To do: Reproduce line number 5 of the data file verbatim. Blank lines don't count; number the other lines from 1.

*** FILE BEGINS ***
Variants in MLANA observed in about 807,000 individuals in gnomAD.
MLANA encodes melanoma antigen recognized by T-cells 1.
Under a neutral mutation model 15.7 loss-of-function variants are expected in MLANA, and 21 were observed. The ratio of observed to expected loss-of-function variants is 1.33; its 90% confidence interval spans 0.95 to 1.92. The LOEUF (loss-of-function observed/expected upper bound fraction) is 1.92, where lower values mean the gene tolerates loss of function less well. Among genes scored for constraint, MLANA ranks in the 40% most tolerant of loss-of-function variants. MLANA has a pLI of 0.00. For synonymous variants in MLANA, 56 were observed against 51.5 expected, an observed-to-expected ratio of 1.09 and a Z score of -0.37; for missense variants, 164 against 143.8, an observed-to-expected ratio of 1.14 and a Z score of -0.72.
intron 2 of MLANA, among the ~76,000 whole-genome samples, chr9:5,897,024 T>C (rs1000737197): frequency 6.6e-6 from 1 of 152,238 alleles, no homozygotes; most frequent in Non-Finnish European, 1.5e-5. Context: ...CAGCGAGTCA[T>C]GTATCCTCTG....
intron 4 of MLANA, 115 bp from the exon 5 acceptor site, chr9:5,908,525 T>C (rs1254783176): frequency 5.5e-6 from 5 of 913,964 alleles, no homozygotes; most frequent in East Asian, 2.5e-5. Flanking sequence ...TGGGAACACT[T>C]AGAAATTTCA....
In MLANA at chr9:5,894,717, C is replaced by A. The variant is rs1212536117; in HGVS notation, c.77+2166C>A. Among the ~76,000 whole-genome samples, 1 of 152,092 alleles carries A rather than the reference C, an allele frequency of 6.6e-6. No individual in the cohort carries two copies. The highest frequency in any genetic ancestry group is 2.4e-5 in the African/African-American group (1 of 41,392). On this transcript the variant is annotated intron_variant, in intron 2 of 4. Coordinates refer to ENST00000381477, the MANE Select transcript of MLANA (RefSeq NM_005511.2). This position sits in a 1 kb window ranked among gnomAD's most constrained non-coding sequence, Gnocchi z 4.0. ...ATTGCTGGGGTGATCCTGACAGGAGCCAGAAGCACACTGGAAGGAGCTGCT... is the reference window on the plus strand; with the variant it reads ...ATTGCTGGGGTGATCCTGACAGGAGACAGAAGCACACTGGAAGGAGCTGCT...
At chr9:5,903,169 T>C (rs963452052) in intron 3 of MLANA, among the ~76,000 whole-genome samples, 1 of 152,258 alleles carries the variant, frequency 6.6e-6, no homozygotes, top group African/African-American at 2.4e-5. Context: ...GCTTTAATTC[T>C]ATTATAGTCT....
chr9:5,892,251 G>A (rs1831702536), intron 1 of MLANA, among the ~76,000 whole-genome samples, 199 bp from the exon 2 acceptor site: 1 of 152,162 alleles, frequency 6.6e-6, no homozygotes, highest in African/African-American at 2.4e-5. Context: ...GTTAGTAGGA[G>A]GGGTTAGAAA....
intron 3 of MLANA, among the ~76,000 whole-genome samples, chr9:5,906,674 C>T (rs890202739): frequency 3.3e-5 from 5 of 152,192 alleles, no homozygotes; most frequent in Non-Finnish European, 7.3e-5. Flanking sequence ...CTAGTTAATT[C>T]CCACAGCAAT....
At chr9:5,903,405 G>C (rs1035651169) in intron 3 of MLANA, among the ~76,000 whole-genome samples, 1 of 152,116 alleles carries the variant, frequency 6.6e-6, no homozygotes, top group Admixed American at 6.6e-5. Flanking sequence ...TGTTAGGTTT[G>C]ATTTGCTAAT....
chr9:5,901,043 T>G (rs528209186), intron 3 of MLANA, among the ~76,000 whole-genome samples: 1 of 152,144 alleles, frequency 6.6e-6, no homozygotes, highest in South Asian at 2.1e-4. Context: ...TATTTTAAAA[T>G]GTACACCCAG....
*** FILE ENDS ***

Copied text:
intron 4 of MLANA, 115 bp from the exon 5 acceptor site, chr9:5,908,525 T>C (rs1254783176): frequency 5.5e-6 from 5 of 913,964 alleles, no homozygotes; most frequent in East Asian, 2.5e-5. Flanking sequence ...TGGGAACACT[T>C]AGAAATTTCA....